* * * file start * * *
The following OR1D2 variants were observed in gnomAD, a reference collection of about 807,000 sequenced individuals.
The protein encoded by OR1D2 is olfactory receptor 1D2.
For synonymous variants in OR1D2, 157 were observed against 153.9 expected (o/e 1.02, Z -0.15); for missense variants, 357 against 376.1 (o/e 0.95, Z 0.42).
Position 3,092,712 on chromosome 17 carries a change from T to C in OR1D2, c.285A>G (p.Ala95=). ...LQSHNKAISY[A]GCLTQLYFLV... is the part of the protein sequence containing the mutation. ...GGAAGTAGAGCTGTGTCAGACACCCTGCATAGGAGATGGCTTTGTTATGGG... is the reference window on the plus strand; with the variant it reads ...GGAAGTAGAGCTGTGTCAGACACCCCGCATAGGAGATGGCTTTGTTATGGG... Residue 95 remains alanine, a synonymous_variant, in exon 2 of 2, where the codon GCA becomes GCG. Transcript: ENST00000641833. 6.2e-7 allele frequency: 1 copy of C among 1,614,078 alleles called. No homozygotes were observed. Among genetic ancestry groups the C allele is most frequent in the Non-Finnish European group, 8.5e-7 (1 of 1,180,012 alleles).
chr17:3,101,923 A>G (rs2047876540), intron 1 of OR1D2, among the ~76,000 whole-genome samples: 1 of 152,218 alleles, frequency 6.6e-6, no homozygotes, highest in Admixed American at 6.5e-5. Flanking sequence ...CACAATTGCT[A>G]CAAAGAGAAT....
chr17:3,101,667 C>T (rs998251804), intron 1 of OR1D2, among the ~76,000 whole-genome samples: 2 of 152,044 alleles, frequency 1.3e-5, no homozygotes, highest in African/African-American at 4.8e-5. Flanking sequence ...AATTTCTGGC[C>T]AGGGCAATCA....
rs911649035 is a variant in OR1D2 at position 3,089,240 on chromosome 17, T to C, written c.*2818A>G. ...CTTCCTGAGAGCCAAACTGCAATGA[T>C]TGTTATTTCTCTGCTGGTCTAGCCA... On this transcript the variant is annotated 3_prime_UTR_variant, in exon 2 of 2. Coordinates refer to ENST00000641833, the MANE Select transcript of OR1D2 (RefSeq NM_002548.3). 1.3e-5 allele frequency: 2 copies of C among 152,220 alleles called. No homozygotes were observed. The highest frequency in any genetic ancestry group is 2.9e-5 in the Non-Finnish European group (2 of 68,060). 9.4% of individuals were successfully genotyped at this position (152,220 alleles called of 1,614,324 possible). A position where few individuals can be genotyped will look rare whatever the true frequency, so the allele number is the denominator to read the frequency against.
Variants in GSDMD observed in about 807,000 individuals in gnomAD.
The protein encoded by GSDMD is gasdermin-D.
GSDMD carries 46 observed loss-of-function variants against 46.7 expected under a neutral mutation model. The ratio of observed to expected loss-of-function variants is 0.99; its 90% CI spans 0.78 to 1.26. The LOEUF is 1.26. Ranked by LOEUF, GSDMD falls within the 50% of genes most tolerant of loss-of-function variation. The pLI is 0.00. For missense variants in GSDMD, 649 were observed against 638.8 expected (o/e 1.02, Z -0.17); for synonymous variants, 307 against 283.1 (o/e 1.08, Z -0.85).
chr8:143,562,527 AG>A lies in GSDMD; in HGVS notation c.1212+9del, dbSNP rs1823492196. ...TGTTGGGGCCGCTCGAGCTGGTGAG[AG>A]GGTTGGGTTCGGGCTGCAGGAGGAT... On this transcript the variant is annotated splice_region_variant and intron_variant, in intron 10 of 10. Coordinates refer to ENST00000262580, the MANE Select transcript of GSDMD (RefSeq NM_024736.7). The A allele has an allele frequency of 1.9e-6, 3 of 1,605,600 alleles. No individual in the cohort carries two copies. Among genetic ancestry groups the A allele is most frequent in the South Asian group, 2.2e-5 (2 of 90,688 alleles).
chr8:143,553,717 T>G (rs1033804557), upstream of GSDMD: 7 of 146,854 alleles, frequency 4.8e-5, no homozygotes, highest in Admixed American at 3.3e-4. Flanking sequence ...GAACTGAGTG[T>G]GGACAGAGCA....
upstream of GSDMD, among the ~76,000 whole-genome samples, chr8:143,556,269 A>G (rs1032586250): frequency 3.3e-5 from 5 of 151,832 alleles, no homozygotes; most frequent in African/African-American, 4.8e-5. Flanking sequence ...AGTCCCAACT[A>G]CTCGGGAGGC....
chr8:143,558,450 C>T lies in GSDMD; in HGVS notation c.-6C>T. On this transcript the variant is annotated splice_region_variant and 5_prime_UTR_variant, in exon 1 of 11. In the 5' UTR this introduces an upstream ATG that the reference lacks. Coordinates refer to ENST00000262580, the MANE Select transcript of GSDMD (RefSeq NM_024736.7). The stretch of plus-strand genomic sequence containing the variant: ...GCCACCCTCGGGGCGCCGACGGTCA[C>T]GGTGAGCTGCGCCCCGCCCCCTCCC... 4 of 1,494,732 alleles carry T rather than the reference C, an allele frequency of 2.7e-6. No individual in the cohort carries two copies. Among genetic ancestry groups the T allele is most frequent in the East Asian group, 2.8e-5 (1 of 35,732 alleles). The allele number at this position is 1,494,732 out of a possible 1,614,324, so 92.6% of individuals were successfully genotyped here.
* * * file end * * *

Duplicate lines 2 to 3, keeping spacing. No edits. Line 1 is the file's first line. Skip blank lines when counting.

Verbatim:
The protein encoded by OR1D2 is olfactory receptor 1D2.
For synonymous variants in OR1D2, 157 were observed against 153.9 expected (o/e 1.02, Z -0.15); for missense variants, 357 against 376.1 (o/e 0.95, Z 0.42).